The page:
In the current environment, as we navigate the impacts of COVID-19, we are also watching in real time as companies make decisions that either reaffirm their corporate values or demonstrate a complete tone-deafness to the needs of their employees and the local communities in which they operate.
We have recently witnessed companies engaging in profiteering or price-gouging, rushing their employees back to work or neglecting to consider employee welfare in strategic and operational decisions. At times like this, we often see both the best and worst of human behavior.
This caused me to reflect on the nature of value-driven leadership. On September 11, 2001, I was walking to work toward the World Trade Center when the planes hit. While my focus was to ensure the safety of my family and find a place to stay, the company I worked for took several steps to ensure the well-being of its employees.
First, it set up a call chain. I received a call from one of the company’s top executives, asking me to check in with him on his personal mobile to let him know that I was safe. Second, in the days that followed, the company set up a helpline to keep employees posted on how the company was managing through the crisis. Third, the company provided flexibility on when to return to work and paid leave until employees were able to do so. Once a semblance of order was restored, free mobile phones were provided to ensure continuous communication, and counseling was offered to employees who needed it. This has stayed with me as an example of how companies can and should rise to meet a crisis.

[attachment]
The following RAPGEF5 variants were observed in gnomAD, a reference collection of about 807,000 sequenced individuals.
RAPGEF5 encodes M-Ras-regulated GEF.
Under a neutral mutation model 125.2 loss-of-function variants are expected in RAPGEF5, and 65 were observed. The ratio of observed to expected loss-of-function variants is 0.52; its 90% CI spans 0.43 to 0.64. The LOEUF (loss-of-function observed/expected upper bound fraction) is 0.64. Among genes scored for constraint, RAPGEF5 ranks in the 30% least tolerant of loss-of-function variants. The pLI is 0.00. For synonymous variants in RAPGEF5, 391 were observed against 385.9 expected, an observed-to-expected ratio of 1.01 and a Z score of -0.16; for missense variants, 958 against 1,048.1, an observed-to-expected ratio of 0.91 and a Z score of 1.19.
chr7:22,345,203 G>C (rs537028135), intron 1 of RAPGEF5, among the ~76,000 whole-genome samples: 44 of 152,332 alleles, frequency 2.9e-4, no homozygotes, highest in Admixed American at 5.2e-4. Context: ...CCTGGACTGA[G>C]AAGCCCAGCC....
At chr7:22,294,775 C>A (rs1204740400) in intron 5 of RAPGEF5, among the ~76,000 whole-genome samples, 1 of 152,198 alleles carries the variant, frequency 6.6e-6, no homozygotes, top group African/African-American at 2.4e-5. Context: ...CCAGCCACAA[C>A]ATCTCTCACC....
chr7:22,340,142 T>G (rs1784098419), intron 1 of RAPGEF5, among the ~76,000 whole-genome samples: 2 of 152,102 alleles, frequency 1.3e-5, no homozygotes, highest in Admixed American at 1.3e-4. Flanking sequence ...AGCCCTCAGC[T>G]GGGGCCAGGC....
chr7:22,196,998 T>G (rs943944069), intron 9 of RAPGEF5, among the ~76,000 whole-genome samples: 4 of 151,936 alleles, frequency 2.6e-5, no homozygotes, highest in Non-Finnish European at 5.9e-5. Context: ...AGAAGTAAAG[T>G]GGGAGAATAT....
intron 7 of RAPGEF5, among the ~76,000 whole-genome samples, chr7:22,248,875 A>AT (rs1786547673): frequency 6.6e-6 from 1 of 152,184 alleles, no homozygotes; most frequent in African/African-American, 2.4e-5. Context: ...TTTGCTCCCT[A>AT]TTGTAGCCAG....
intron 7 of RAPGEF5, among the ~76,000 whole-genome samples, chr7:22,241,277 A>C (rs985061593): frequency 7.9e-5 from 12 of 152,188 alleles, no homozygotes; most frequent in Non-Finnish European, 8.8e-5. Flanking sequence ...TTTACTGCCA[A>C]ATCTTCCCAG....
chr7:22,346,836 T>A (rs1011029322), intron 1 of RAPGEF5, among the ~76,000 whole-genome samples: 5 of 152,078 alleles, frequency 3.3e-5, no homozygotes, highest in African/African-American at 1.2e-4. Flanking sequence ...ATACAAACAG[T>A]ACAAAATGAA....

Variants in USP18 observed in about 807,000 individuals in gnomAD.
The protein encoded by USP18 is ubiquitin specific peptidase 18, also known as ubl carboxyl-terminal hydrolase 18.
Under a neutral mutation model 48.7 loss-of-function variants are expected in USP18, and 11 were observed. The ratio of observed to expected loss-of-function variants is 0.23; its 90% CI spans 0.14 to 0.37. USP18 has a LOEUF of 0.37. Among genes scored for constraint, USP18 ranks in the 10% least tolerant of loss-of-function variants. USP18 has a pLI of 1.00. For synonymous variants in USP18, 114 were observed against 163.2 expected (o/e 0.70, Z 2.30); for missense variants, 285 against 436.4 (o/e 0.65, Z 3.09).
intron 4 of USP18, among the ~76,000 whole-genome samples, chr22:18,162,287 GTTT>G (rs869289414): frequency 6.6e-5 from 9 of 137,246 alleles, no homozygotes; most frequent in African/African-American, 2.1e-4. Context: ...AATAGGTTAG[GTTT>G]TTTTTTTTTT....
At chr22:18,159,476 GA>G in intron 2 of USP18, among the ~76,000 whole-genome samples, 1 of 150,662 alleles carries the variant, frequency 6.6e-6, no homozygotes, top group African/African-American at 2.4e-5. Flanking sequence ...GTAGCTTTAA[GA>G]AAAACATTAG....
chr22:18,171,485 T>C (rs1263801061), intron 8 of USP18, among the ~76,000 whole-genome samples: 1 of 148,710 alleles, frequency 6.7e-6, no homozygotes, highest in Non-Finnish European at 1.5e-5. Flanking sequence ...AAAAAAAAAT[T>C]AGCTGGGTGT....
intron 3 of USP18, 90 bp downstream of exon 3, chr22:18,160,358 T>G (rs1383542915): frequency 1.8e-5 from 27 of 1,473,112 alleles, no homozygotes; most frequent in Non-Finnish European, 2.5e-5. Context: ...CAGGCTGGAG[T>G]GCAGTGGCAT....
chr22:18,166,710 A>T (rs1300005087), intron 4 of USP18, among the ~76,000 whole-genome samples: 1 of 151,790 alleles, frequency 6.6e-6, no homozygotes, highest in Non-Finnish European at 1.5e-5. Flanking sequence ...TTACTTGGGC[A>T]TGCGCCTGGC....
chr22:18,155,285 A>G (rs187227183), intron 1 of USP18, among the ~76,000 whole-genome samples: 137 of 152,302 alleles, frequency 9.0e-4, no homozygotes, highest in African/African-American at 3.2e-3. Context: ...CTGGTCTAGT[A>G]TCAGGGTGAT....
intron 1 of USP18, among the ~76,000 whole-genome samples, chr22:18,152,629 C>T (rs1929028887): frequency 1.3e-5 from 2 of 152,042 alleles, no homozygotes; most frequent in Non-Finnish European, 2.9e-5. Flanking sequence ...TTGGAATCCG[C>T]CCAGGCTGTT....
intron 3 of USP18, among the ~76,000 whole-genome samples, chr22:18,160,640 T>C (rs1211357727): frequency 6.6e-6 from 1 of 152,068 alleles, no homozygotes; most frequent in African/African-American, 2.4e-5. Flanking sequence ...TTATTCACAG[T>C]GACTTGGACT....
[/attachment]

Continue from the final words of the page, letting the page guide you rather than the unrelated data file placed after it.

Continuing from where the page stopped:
When faced with risk and uncertainty, companies may reach a point where they have to decide between what is expedient versus what is morally right. In some cases, executives view a certain course of action as economically costly, but that is not the right lens. To paraphrase Peter Drucker (subscription required), while a company needs profit as much as a person needs oxygen, if you think your life is about breathing, you’re clearly missing something.
Why should a company focus on its corporate values? What is the value add? Simply put, a company’s values reflect its culture. If values are absent or opaque, that already communicates volumes on how that company is run and how values are prioritized. Tangible benefits of a focus on corporate values include:
• Risk Mitigation: Values provide clarity in times of crisis. Many experienced executives and business school graduates are familiar with how Johnson & Johnson’s former CEO, James Burke, managed the Tylenol crisis. In brief, in 1982, seven customers died after consuming cyanide-laced Tylenol capsules. Tylenol’s market share plummeted from 35% to 7%. Johnson & Johnson spent $100 million to recall the product and relaunched it in tamper-proof packaging two months later. Market share rebounded to 35% by the end of 1983, and this has since become a high-profile example of solid crisis management.